A volatile day on Wall Street as investors kept an eye on a rally in oil prices and an extraordinary surge in U.S. jobless claims. Crude oil had its biggest one-day gain on record after President Trump hinted the Saudis and the Russians were close to a deal to cut oil production.
A fight between the two major oil producers has caused a crash in oil prices.
Energy stocks led the broader market with Chevron and Exxon Mobil the biggest blue chip gainers.
Looking at the closing numbers: The Dow and the S&P 500 gained more than 2 percent, while the Nasdaq rose 1.7 percent.
An unprecedented 6.6 million Americans filed for unemployment benefits last week, which was double the previous record set the week before that.
The two-week total coming in at a staggering 10 million.
Many economists say - with jobless numbers like that - the economy is already in a recession.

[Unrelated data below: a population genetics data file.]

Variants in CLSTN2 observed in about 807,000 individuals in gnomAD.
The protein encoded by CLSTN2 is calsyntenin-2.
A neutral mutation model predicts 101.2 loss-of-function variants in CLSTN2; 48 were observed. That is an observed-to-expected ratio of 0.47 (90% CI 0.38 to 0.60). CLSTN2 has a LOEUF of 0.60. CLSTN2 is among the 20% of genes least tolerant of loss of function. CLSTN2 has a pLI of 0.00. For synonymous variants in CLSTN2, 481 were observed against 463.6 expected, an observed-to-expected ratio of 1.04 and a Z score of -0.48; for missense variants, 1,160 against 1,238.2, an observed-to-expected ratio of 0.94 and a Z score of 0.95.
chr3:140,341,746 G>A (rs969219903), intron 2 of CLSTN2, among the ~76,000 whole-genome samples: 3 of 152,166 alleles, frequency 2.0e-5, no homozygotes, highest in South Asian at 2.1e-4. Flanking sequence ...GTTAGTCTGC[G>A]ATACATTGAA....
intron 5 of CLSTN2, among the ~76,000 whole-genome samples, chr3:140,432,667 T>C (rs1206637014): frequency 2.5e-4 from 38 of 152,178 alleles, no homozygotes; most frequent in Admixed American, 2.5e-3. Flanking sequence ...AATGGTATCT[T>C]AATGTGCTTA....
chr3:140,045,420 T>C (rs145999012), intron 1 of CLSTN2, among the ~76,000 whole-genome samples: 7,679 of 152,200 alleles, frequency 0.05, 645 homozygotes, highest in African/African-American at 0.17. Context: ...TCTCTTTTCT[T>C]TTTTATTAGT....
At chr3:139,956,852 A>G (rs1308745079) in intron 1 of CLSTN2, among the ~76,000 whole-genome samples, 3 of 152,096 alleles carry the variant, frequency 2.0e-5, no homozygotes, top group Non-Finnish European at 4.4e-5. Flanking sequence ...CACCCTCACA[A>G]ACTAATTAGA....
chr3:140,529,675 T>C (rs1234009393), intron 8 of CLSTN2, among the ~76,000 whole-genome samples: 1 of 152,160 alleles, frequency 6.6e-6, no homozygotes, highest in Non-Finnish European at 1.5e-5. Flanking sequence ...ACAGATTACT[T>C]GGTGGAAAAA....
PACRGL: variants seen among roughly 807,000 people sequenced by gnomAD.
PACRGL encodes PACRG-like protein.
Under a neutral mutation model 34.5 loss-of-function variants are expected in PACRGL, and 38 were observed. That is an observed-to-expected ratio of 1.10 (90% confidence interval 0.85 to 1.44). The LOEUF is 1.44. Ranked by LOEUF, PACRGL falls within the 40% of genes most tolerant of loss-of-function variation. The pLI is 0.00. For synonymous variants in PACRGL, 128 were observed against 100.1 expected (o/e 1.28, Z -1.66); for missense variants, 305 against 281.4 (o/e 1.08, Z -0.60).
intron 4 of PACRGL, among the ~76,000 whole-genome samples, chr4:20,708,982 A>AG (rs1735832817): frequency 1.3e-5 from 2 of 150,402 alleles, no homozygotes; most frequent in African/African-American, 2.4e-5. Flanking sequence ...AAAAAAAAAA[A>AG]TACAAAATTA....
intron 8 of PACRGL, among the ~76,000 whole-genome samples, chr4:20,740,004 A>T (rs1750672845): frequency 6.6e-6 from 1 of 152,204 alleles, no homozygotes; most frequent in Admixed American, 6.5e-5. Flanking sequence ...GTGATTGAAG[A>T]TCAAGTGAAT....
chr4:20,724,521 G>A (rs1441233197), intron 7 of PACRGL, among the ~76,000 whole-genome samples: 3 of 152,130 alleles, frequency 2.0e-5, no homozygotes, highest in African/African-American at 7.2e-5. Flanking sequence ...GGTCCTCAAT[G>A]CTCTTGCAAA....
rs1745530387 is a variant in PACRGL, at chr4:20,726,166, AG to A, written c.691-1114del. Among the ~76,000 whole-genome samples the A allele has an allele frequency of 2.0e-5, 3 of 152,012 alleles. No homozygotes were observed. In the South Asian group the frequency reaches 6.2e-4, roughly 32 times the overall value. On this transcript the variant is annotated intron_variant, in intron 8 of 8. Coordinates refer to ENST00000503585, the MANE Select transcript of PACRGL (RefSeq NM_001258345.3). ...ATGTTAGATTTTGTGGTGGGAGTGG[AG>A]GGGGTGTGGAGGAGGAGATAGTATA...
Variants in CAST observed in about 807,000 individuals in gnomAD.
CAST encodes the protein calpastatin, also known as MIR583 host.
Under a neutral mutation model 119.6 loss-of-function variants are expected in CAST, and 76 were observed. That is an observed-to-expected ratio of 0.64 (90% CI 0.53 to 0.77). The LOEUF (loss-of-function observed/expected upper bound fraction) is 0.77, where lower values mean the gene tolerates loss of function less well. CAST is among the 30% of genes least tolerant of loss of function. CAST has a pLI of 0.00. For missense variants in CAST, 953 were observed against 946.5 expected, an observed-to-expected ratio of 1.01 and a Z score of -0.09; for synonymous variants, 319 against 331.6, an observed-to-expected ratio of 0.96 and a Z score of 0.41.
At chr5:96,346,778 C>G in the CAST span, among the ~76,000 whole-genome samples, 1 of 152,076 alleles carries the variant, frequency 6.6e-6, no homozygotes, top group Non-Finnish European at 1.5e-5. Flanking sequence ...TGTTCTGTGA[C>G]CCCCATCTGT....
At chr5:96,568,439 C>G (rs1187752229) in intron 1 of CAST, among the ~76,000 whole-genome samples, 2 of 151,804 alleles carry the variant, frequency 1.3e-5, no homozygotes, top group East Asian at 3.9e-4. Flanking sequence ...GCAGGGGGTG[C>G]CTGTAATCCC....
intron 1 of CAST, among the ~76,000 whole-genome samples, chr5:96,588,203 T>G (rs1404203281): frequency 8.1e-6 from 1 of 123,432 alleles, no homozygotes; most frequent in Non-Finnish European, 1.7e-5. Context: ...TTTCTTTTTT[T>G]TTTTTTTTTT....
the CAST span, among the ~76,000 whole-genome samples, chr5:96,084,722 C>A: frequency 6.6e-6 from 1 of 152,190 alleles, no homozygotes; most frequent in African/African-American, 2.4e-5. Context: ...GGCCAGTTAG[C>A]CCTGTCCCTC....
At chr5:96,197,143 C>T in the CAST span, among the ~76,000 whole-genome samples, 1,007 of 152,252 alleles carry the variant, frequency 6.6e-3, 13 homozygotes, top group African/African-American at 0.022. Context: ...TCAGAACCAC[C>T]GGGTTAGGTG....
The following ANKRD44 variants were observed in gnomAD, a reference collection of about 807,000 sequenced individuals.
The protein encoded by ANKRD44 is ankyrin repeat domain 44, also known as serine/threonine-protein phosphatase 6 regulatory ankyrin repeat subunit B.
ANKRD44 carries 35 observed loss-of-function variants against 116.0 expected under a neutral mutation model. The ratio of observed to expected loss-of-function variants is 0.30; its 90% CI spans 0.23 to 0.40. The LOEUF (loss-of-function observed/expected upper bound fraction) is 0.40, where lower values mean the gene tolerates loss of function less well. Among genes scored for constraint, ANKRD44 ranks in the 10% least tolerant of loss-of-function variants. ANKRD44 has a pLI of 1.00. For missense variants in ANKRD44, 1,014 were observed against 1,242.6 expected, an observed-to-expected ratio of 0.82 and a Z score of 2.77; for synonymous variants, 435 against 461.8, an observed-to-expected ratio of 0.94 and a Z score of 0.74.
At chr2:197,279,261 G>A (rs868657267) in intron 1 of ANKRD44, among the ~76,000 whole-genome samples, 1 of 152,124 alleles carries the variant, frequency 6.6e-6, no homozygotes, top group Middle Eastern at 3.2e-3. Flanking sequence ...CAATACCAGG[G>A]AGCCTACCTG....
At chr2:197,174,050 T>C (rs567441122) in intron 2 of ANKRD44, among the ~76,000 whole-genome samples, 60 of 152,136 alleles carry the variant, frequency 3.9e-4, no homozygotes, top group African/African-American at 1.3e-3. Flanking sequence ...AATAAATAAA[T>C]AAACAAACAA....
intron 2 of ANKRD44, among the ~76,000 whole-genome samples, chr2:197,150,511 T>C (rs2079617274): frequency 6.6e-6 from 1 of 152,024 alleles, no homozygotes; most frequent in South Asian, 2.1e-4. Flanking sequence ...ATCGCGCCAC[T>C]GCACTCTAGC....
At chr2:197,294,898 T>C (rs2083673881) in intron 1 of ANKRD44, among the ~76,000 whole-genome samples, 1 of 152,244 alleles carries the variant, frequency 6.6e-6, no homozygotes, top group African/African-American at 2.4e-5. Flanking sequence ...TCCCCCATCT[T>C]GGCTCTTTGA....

Kevin Caron, a senior portfolio manager at Washington Crossing Advisors, is dusting off his stock market recession handbook.
SOUNDBITE (ENGLISH): KEVIN CARON, PORTFOLIO MANAGER, WASHINGTON CROSSING ADVISORS, SAYING: "What's even more important is to understand that survivability is key.
You want to own companies with low debt, very consistent profitability and businesses that are dependable in the sense that they can hold their head under water longer than other companies, so that they could get through what might be a longer process here.
So we hope for the best but prepare for the worst." Boeing may not fit into that plan.
The company was already struggling before the coronavirus pandemic grounded air travel to a virtual halt and it is warning of tough days ahead.
On Thursday, the aerospace giant offered eligible members of its 150,000 global workforce a voluntary layoff package.
The cost-cutting measure smelled like desperation to investors who sent the stock lower.